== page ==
I recently heard this joke. I thought it was funny – if you’ve heard it before, thanks for your patience. A little boy came home from Sunday School and his mother asked him what he learned that day. The boy said, “We learned about Moses and how he led the Israelites out of Egypt.” “Anything else?” The mom asked? “I also learned that when Moses and the Israelites got to this big red sea and they crossed it by building a floating bridge. And then the Egyptian army tried to chase them but the floating bridge collapsed and the entire army was washed away in the sea.” “Are you sure that’s what your teacher said?” The mom asked with concern. “Wasn’t there a different way Moses and the Israelites crossed the sea?” “Oh Mom! The boy said. “You wouldn’t believe the story my teacher told!” You wouldn’t believe…You wouldn’t believe it
You know I wonder as the disciples were there with Jesus in our lesson if they didn’t believe it. I wonder if they didn’t believe that they could live up to the standard that Jesus set before them in these verses. Now maybe we should get our bearings. Jesus was leaving, no not to ascend into heaven. We’ve actually gone back in time. It is Maundy Thursday. We are in that Upper Room, Judas Iscariot, has left at this point, and now it was just Jesus and those eleven. For them soon the most important person they knew would step out of their lives, in a few hours he would hang dead on a tree.
It was in these few hours before the great culmination of Jesus’ work, that the Lord spoke these difficult words to his disciples. Verse 23, “If anyone loves me, he will obey my teaching. My Father will love him, and we will come to him and make our home with him.” “Love me” Jesus said. “Love me and my teaching, my Word, and you’ll always have me. You’ll never forget me, in fact I’ll come to you.” And maybe that doesn’t sound too bad at first glance but notice two things here. First, notice that word teaching. It is singular. Jesus was treating everything he taught as a package deal. You can’t divide Jesus’ teaching into stuff we have to follow, stuff we can sorta follow, and stuff we don’t want to follow. It is unified. His whole Word is to be obeyed – that is love for him. Second thing to note: Jesus wasn’t done, he went on to add, “He who does not love me will not obey my teaching.” Jesus looked at all of his teachings and he said, “It’s all important” and, if you fail to obey one thing that I have taught, you fail to love the Lord, you fail to love me.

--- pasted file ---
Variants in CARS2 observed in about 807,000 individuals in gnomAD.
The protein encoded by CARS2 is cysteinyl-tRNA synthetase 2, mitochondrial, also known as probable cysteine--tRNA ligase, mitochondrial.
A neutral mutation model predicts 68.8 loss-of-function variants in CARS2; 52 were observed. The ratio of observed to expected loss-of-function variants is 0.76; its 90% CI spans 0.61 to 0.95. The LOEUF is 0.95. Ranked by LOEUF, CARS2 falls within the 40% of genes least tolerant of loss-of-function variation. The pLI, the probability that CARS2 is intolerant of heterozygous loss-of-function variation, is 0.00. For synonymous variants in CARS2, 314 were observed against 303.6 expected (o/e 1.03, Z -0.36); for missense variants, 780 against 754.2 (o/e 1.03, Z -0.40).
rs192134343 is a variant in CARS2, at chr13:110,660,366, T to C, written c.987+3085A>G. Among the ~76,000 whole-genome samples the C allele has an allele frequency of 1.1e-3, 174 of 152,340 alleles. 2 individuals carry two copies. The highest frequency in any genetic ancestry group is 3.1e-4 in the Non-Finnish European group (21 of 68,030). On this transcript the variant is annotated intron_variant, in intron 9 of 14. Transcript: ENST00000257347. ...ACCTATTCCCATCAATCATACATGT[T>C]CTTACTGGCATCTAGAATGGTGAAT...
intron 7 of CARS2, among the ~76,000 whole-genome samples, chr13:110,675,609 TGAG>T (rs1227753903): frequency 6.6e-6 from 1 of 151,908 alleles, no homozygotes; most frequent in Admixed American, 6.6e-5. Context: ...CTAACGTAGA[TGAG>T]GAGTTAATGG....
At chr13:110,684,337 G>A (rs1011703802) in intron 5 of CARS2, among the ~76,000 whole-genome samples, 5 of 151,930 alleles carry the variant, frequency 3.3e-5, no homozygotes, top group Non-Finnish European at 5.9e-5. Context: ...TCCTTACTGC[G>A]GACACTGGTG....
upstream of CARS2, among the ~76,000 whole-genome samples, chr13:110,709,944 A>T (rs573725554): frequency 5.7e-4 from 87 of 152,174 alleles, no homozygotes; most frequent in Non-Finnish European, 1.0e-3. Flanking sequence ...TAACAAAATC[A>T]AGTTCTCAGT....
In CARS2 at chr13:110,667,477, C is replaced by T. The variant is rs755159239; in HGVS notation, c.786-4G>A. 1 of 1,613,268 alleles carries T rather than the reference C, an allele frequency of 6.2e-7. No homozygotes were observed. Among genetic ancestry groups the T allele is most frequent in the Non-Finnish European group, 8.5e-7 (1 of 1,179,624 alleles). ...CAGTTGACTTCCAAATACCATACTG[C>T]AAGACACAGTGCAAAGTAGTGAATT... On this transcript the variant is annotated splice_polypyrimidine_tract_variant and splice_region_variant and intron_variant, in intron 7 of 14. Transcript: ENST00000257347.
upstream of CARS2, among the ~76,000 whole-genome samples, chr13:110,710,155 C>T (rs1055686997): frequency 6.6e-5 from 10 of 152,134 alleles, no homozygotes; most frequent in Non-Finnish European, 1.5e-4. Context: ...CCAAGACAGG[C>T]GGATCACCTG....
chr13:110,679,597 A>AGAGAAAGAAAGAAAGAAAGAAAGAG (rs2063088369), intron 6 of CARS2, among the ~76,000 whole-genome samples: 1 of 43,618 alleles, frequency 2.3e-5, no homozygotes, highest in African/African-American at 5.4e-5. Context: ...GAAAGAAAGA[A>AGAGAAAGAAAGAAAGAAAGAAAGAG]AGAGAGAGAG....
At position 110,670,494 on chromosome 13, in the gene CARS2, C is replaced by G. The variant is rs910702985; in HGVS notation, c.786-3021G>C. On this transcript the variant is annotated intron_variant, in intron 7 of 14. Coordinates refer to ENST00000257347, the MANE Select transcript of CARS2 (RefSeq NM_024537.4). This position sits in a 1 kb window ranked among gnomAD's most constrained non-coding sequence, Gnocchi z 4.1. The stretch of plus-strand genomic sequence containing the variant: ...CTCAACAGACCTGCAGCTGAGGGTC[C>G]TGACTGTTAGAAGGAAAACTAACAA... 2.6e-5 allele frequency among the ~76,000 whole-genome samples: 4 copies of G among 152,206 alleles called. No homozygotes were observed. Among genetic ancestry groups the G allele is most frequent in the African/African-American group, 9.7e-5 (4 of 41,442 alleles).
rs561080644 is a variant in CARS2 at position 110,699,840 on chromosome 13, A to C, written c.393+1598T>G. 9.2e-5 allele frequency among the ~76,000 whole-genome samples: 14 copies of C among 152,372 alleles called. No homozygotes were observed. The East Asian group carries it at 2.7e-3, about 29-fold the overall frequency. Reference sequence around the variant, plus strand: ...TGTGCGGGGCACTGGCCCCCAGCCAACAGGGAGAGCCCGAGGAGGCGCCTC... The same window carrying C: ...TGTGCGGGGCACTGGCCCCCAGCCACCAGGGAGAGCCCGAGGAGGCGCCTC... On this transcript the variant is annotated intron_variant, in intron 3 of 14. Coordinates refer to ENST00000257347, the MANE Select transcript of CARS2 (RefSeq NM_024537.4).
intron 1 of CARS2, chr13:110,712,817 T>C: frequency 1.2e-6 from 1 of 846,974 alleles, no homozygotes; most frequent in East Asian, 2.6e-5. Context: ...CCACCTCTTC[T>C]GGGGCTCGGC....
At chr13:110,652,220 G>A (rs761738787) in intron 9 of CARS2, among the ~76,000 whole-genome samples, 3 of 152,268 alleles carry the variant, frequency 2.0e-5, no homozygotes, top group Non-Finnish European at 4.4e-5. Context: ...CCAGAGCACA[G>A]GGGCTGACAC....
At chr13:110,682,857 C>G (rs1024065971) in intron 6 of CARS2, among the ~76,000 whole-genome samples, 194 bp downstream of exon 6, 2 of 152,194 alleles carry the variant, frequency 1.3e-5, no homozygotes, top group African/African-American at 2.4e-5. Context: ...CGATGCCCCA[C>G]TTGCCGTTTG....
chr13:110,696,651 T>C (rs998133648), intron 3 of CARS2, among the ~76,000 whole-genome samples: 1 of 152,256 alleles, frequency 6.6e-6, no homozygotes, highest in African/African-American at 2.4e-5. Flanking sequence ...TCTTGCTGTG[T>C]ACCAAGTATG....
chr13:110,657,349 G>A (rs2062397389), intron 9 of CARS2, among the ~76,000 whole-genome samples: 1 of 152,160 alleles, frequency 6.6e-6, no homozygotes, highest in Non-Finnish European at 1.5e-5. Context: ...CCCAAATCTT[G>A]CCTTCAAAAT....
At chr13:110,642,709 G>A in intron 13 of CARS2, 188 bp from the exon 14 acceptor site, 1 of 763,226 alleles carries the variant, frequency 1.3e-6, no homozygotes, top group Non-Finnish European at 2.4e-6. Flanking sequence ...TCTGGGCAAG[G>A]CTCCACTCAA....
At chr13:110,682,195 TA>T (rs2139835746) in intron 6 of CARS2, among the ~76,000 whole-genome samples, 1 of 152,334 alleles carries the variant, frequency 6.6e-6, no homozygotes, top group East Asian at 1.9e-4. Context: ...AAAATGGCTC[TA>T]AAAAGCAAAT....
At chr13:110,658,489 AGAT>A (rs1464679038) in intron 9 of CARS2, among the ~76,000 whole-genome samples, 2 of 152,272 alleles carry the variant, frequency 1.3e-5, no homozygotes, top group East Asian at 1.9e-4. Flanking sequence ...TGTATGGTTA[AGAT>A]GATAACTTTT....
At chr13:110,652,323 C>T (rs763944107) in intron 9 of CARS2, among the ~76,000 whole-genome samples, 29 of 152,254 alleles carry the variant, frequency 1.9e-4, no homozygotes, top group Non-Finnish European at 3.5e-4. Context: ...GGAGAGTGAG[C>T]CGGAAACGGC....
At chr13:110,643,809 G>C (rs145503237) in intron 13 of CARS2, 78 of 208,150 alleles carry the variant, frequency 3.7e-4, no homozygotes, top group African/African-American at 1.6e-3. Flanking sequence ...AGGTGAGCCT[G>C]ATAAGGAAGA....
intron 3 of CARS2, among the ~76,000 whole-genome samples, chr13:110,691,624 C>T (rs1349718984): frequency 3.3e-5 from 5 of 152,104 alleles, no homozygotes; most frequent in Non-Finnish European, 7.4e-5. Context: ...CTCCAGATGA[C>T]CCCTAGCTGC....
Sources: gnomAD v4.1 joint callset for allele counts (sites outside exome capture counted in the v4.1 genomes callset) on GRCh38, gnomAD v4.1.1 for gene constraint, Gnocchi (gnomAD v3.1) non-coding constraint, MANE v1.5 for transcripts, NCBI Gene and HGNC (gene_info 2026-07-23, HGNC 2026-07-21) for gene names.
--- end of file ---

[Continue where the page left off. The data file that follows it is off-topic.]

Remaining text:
Now, put yourself in the sandals of Jesus’ first disciples. These words from Jesus were difficult, burdensome even. To prove their love for Jesus, they would need to obey – something they struggled to do even when Jesus was with them. What is more, they didn’t have a New Testament like we do. I doubt they took detailed notes or had a voice recorder on every time Jesus opened his mouth. How could they ever hope to remember, let alone obey, everything Jesus had taught them? And if they couldn’t do it, did that mean they didn’t love him? Jesus gave them an impossible task, and I wonder if they believed that they could do it. Can we love you Jesus in this way? Can we obey your teaching? I don’t believe it.
I don’t believe you and I can do it either. This task is impossible for us too. I mean, here is a Bible. I am willing to say with confidence that we all own one or have a Bible app. Some of you have had this book much longer than others and have sat in church pews like these for numerous years. As far as I know, all of you have been instructed in some sort of Bible Information or Catechism Class be it as an adult or as a young child. Now, say Jesus came up to you today and said “If you love me, you will obey everything I have taught you. If you do not love me, you won’t obey.” So, do you love Jesus?
Recently, I was talking with someone interested in membership at Christ the Lord and they asked me if I believed that we had it all right. What he meant was do we as WELS Lutherans really think we are the only ones who teach God’s Word in its truth and purity. I answered him, “Yes, I believe we teach God’s Word in its truth and purity; we present it just as it is, God’s Holy Word, but we aren’t the only ones, and this definitely doesn’t mean we are perfect.”